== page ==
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Meet Jekyll - and Hyde, too

by BILL BULEY
Staff Writer | April 30, 2010 9:00 PM

Mike Hynes is going to have to be good in "Jekyll and Hyde." He's also going to have be evil. So he's been doing some investigating.

Mike Hynes is going to have to be good in "Jekyll and Hyde."

He's also going to have be evil.

So he's been doing some investigating.

"What would a person who is angry, evil, feel versus a person who has a moral sense of society, a sense of what's allowed and what's not allowed," Hynes said. "To try to break those barriers on one side, to try to hang on to those barriers on the other side, it made for an interesting contrast."

The Spokane actor will have the lead role in the musical that opened Thursday night at the Lake City Playhouse and continues its run through May 23.

The story of "The Strange Case of Dr. Jekyll and Mr. Hyde" by Robert Louis Stevenson is being directed by Jared Helm, who is also the theater chair and director at Coeur d'Alene High School.

The cast of 20 has been preparing for nearly three months for the show.

"I think the biggest thing about it is the fact it's a very demanding script with a lot of movement in it," Helm said. "It's not a very stagnant show. It's definitely a new kind of a rock musical."

Many people don't know this show is a musical because they grew up reading the more traditional story. The musical originally opened in about 1990, went to Broadway in the late-90s, and enjoyed some success.

Helm said the local production is "very close to professional."

It follows the story of Jekyll, who is seeking to cure his father's mental illness. When the board of a hospital denies him a human subject, he turns to himself.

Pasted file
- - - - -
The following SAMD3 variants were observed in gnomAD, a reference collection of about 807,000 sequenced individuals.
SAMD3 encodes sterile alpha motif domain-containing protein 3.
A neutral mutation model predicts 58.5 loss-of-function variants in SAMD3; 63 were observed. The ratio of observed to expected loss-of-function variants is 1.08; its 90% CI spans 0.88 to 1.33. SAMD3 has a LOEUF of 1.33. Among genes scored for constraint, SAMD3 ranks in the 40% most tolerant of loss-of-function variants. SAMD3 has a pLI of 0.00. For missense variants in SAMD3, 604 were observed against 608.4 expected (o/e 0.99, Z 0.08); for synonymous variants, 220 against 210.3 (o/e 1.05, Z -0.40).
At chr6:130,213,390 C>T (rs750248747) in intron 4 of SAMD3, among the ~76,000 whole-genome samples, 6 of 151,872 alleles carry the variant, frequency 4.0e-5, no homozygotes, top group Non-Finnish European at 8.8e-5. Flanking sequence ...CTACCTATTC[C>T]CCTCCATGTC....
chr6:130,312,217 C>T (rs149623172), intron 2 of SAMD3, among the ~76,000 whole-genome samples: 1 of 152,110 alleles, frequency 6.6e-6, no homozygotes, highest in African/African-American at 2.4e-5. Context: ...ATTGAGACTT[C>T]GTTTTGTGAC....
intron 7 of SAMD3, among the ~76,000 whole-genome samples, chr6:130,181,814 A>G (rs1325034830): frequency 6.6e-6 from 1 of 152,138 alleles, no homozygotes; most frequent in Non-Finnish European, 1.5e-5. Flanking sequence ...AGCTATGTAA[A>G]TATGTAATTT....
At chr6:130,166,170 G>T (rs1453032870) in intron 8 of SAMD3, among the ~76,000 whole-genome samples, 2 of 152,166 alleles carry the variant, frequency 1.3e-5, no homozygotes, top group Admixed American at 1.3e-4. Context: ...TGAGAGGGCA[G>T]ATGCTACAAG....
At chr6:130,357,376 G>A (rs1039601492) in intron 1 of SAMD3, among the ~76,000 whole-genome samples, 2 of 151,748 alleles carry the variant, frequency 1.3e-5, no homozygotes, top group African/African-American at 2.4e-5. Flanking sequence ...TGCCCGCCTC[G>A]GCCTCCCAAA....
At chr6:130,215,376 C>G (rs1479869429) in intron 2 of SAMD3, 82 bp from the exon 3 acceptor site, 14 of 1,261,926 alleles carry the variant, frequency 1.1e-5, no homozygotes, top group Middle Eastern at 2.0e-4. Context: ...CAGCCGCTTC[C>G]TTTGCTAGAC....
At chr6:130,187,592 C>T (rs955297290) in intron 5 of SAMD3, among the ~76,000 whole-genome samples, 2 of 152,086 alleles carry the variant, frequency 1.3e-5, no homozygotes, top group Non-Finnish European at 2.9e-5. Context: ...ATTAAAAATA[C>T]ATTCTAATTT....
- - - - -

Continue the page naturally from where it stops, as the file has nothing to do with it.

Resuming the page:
"That's when everything begins to become a mess," Helm said.

The 24-year-old Helm grew up in Lewiston and graduated from the University of Idaho in 2008, where he studied theater. He likes the strength of the characters in "Jekyll and Hyde."

"I like the energy it has, the commitment to movement. It's not a show you're going to leave going, 'Oh, that was kind of OK.' You'll be leaving the theater wishing there was more."

Helm said Hynes is perfect for his roles.

"He will show you the brightness of Dr. Jekyll and the fierceness and the harshness of Mr. Hyde," he said.

Hynes said he fell in love with the story and musical in the '90s and always wanted an opportunity to take on the challenging roles.

"I'm real excited to show the dual parts of what people can be inside," he said.

If you go

For tickets to “Jekyll and Hyde,” call the Lake City Playhouse at 667-1323 or visit the box office at 1320 E. Garden Ave. Box office hours are Monday through Friday, noon to 4:30 p.m. or until curtain time on show nights. The box office is also open two hours prior to each Saturday and Sunday showtime.

Tickets are $16 for adults, $13 for seniors and military, $13 for students, $10 for children 12 and younger and $11 for groups of 10 or more.

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